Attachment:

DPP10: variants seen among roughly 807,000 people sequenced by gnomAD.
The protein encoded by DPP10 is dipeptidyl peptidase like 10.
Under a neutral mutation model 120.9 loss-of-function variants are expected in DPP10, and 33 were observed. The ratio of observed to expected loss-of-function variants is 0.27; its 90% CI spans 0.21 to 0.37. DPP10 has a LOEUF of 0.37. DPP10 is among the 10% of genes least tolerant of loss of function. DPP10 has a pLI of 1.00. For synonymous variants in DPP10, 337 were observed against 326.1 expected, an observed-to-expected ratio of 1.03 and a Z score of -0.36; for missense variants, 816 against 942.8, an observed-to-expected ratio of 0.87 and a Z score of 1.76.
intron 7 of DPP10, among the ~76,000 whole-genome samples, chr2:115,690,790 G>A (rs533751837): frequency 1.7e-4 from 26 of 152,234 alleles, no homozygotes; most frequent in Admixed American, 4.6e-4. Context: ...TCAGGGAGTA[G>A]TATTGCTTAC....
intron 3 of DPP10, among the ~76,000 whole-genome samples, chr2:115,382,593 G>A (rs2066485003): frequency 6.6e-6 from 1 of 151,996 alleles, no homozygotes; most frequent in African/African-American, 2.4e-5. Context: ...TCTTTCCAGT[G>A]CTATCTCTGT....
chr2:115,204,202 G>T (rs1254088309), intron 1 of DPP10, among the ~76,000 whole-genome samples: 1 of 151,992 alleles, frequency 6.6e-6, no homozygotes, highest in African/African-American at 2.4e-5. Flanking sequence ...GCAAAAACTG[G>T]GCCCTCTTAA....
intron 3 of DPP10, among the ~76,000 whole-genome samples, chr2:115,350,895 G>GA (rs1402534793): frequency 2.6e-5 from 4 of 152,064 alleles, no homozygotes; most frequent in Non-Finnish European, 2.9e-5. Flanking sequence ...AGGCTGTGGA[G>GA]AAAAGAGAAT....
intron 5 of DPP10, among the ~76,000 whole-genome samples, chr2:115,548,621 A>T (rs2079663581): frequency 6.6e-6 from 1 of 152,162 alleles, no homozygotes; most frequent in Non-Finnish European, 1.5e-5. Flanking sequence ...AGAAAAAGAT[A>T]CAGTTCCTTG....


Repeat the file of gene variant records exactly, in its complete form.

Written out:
DPP10: variants seen among roughly 807,000 people sequenced by gnomAD.
The protein encoded by DPP10 is dipeptidyl peptidase like 10.
Under a neutral mutation model 120.9 loss-of-function variants are expected in DPP10, and 33 were observed. The ratio of observed to expected loss-of-function variants is 0.27; its 90% CI spans 0.21 to 0.37. DPP10 has a LOEUF of 0.37. DPP10 is among the 10% of genes least tolerant of loss of function. DPP10 has a pLI of 1.00. For synonymous variants in DPP10, 337 were observed against 326.1 expected, an observed-to-expected ratio of 1.03 and a Z score of -0.36; for missense variants, 816 against 942.8, an observed-to-expected ratio of 0.87 and a Z score of 1.76.
intron 7 of DPP10, among the ~76,000 whole-genome samples, chr2:115,690,790 G>A (rs533751837): frequency 1.7e-4 from 26 of 152,234 alleles, no homozygotes; most frequent in Admixed American, 4.6e-4. Context: ...TCAGGGAGTA[G>A]TATTGCTTAC....
intron 3 of DPP10, among the ~76,000 whole-genome samples, chr2:115,382,593 G>A (rs2066485003): frequency 6.6e-6 from 1 of 151,996 alleles, no homozygotes; most frequent in African/African-American, 2.4e-5. Context: ...TCTTTCCAGT[G>A]CTATCTCTGT....
chr2:115,204,202 G>T (rs1254088309), intron 1 of DPP10, among the ~76,000 whole-genome samples: 1 of 151,992 alleles, frequency 6.6e-6, no homozygotes, highest in African/African-American at 2.4e-5. Flanking sequence ...GCAAAAACTG[G>T]GCCCTCTTAA....
intron 3 of DPP10, among the ~76,000 whole-genome samples, chr2:115,350,895 G>GA (rs1402534793): frequency 2.6e-5 from 4 of 152,064 alleles, no homozygotes; most frequent in Non-Finnish European, 2.9e-5. Flanking sequence ...AGGCTGTGGA[G>GA]AAAAGAGAAT....
intron 5 of DPP10, among the ~76,000 whole-genome samples, chr2:115,548,621 A>T (rs2079663581): frequency 6.6e-6 from 1 of 152,162 alleles, no homozygotes; most frequent in Non-Finnish European, 1.5e-5. Flanking sequence ...AGAAAAAGAT[A>T]CAGTTCCTTG....